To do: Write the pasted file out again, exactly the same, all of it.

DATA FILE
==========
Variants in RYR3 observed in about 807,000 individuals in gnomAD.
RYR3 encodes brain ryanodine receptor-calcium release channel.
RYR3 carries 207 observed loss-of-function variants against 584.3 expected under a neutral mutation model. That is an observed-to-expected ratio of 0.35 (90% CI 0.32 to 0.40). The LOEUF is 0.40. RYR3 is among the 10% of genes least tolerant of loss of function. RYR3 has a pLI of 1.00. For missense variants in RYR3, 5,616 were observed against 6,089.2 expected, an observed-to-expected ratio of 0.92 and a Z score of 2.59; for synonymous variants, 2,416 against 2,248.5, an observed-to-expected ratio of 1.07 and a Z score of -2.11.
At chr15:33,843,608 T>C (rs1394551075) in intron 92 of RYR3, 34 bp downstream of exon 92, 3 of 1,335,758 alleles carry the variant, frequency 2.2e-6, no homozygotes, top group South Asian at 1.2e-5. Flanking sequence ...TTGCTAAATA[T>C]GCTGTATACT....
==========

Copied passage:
Variants in RYR3 observed in about 807,000 individuals in gnomAD.
RYR3 encodes brain ryanodine receptor-calcium release channel.
RYR3 carries 207 observed loss-of-function variants against 584.3 expected under a neutral mutation model. That is an observed-to-expected ratio of 0.35 (90% CI 0.32 to 0.40). The LOEUF is 0.40. RYR3 is among the 10% of genes least tolerant of loss of function. RYR3 has a pLI of 1.00. For missense variants in RYR3, 5,616 were observed against 6,089.2 expected, an observed-to-expected ratio of 0.92 and a Z score of 2.59; for synonymous variants, 2,416 against 2,248.5, an observed-to-expected ratio of 1.07 and a Z score of -2.11.
At chr15:33,843,608 T>C (rs1394551075) in intron 92 of RYR3, 34 bp downstream of exon 92, 3 of 1,335,758 alleles carry the variant, frequency 2.2e-6, no homozygotes, top group South Asian at 1.2e-5. Flanking sequence ...TTGCTAAATA[T>C]GCTGTATACT....